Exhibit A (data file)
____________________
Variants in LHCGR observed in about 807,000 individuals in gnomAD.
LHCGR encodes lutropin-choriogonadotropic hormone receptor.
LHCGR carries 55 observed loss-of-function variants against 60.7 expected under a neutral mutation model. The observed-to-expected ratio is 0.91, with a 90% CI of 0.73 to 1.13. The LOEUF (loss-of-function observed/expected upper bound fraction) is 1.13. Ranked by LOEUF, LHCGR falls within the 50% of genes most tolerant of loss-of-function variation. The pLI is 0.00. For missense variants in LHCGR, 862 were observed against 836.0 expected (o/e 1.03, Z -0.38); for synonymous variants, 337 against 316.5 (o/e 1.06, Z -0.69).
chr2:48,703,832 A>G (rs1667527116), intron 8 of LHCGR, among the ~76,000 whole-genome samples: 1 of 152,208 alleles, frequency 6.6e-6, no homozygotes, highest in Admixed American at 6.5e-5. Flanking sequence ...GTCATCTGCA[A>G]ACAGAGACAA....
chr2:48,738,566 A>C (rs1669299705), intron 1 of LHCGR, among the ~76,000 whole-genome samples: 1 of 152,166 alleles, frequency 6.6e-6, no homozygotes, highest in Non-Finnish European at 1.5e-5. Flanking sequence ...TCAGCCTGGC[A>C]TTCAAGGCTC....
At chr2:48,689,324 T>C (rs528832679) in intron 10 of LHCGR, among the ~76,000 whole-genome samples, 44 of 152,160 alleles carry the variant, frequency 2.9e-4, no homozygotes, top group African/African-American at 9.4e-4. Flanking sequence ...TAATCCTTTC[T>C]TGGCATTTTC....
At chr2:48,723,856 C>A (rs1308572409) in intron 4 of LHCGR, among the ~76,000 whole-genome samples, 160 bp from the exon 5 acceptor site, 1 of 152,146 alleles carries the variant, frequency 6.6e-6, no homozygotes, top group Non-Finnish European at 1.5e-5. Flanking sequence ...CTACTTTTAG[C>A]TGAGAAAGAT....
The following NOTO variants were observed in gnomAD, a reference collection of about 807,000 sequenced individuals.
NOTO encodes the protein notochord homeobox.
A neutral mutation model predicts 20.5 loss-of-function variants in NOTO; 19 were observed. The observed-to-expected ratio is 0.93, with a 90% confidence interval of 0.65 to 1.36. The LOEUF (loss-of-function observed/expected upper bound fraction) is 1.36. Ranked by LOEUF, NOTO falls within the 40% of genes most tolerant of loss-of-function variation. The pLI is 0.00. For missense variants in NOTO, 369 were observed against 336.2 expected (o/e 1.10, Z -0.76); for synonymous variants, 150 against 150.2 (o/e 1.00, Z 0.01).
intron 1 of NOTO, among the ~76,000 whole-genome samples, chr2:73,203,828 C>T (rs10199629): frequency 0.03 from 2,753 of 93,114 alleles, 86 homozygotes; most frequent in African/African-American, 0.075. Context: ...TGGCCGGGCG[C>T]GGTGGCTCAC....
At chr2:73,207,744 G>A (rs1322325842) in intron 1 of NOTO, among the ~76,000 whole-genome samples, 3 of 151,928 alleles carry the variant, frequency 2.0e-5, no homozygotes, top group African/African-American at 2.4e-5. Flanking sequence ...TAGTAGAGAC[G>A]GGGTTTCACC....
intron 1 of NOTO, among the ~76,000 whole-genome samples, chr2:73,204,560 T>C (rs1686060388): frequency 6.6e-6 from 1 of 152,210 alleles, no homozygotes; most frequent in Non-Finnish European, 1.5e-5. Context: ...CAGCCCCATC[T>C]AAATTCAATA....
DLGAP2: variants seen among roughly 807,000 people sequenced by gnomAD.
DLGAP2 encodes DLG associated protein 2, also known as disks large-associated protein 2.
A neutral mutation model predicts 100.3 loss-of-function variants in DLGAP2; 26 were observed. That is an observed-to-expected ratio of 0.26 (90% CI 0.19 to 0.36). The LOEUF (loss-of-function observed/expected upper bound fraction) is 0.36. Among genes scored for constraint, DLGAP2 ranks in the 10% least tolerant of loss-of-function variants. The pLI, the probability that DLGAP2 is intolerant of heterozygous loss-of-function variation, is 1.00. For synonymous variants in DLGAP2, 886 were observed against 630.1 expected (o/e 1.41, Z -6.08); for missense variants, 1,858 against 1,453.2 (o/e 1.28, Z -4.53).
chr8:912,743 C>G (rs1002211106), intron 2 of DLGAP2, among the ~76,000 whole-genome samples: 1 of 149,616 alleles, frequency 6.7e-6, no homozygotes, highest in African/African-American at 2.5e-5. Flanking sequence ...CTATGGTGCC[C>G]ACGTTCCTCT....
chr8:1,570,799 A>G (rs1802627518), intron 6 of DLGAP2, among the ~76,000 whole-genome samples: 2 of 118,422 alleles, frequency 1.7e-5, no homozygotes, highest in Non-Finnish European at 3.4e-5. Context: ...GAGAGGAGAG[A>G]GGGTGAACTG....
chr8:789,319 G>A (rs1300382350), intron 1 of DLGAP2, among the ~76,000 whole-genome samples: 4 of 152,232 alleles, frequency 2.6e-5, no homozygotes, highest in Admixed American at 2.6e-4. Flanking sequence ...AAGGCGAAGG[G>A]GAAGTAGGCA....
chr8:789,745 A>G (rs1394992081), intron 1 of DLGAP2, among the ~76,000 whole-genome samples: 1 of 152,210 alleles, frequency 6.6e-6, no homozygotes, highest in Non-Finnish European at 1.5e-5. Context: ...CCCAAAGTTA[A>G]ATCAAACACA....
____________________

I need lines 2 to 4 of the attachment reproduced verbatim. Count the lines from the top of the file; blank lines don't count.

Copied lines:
LHCGR encodes lutropin-choriogonadotropic hormone receptor.
LHCGR carries 55 observed loss-of-function variants against 60.7 expected under a neutral mutation model. The observed-to-expected ratio is 0.91, with a 90% CI of 0.73 to 1.13. The LOEUF (loss-of-function observed/expected upper bound fraction) is 1.13. Ranked by LOEUF, LHCGR falls within the 50% of genes most tolerant of loss-of-function variation. The pLI is 0.00. For missense variants in LHCGR, 862 were observed against 836.0 expected (o/e 1.03, Z -0.38); for synonymous variants, 337 against 316.5 (o/e 1.06, Z -0.69).
chr2:48,703,832 A>G (rs1667527116), intron 8 of LHCGR, among the ~76,000 whole-genome samples: 1 of 152,208 alleles, frequency 6.6e-6, no homozygotes, highest in Admixed American at 6.5e-5. Flanking sequence ...GTCATCTGCA[A>G]ACAGAGACAA....